Home|Journals Follow on Twitter| Subscribe to List

Directory for Medical Articles

Open Access


Reliability and factorial validity of the Turkish version of the 20-item Toronto alexithymia scale (TAS-20)

Hüseyin Güleç, Samet Köse, Medine Y. Güleç, Serhat Çitak, Cüneyt Evren, Jeffrey Borckardt, Kemal Sayar.

Aims: The aim of this study was to examine the factor structure and the validity of the Turkish version of the 20-item Toronto Alexithymia Scale (TAS-20) developed by Bagby et al. in a student sample.

Methods: Healthy undergraduates or post-college graduate students (n=390) from Karadeniz Technical University Medical School or the Institute of Health Education, respectively, were assessed using confirmatory factor analysis. Cronbach?s alpha coefficient was determined to estimate internal reliability of the TAS-20 and subscales and correlations between each item and total score were also calculated.

Results: The Turkish TAS-20 showed a three-factor model. The Cronbach alpha for the total TAS-20 scale was 0.78, and for the three subscales (factors 1?3); 0.80, 0.57, and 0.63, respectively. Three of four criteria of goodness-of-fit met the standards for adequacy-of-fit. The parameter estimates for the items and correlation between the three factors of the TAS-20 were as follows: between factors 1 and 2, 0.53; between factors 1 and 3, 0.12; between factors 2 and 3, 0.36. All items (except 18 and 20) correlate significantly with the total score, the values range from 0.22 to 0.48.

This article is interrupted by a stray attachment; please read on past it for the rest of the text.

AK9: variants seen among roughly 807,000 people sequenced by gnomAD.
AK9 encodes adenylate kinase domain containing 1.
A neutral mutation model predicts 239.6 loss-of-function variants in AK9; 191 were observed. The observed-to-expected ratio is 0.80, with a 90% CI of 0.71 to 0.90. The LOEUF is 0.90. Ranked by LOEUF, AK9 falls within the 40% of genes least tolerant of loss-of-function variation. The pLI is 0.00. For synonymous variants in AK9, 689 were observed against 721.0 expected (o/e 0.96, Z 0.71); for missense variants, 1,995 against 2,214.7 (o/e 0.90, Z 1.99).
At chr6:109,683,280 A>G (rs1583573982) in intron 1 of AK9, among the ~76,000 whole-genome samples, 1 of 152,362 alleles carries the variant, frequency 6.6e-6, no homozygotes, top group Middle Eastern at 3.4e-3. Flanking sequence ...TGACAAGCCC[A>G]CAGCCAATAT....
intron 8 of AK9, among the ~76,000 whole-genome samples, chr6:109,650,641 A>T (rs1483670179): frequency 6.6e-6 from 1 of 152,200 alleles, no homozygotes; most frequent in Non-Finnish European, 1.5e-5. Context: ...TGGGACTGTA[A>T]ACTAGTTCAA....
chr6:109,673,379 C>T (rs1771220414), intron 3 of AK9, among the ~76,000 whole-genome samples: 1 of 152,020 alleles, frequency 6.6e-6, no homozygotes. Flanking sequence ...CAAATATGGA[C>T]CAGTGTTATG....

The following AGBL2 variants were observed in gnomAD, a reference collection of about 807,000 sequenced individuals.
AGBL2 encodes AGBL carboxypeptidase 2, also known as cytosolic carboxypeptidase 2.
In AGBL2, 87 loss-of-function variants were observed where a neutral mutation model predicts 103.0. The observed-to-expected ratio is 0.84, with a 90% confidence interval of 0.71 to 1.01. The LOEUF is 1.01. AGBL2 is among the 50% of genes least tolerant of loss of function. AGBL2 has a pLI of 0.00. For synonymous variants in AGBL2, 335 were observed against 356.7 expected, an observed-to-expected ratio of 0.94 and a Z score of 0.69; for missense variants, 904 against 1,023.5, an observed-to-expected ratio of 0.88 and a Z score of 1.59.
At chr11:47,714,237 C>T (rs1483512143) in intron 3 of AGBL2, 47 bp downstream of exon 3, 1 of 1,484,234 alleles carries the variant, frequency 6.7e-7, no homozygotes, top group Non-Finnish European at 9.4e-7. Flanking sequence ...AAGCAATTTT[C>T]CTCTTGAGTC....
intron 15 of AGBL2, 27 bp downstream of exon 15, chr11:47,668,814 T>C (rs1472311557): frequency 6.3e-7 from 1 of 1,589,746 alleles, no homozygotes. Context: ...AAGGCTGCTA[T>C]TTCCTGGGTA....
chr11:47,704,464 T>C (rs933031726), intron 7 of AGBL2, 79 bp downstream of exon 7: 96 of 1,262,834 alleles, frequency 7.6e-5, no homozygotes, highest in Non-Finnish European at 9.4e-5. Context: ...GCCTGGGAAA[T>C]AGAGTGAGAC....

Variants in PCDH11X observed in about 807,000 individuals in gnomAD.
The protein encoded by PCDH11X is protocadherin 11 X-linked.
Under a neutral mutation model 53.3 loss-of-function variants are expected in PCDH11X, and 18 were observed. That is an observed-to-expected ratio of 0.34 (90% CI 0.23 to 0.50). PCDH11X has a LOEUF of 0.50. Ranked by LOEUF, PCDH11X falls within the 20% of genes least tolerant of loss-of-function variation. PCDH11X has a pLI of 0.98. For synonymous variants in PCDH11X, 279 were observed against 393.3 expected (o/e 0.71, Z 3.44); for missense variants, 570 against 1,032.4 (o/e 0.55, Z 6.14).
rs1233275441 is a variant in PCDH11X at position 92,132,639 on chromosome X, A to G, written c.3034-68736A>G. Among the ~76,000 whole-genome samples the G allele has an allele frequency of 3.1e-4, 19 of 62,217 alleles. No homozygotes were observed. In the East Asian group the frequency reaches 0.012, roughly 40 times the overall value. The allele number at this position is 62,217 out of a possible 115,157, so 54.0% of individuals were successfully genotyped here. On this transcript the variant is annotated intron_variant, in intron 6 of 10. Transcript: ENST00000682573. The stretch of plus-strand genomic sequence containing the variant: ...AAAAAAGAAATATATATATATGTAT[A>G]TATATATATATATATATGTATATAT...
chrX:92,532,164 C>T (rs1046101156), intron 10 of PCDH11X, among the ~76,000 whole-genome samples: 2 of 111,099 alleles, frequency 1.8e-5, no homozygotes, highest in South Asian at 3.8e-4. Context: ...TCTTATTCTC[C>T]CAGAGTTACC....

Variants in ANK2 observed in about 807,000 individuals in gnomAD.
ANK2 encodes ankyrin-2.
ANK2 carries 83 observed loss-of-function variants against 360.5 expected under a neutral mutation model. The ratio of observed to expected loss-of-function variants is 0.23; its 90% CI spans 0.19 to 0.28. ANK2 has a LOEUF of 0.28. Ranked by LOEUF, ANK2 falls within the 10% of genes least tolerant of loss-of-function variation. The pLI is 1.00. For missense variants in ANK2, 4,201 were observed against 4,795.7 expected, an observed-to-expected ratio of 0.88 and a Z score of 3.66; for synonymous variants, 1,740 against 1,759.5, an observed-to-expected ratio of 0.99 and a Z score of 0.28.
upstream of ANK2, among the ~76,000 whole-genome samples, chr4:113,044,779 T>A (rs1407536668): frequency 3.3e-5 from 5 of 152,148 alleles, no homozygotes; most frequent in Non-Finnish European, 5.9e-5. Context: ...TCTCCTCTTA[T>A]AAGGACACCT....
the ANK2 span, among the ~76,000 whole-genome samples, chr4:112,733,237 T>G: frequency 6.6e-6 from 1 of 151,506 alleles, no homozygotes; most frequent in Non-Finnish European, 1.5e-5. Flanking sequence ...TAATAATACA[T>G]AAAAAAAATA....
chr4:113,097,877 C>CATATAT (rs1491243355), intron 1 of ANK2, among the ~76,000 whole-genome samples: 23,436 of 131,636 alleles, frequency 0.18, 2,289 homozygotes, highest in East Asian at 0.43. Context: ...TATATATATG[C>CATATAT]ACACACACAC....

Conclusions: The Turkish TAS-20 factor analysis yielded a three-factor structure consistent with the original scale and its translation had adequate internal consistency. Thus, the TAS-20 scale is a valid construct within the Turkish culture.

Key words: Alexithymia, TAS-20, confirmatory factor analysis, reliability, factorial validity

Share this Article

American Journal of Preventive Medicine and Public Health


ScopeMed Home
Follow ScopeMed on Twitter
Author Tools
eJPort Journal Hosting
About ScopeMed
License Information
Terms & Conditions
Privacy Policy
Suggest a Journal
Publisher Login
Contact Us

The articles in Scopemed are open access articles licensed under the terms of the Creative Commons Attribution-NonCommercial-ShareAlike 4.0 International License (https://creativecommons.org/licenses/by-nc-sa/4.0/) which permits unrestricted, non-commercial use, distribution and reproduction in any medium, provided the work is properly cited.
ScopeMed is a Database Service for Scientific Publications. Copyright © ScopeMed® Information Services.
Scopemed Buttons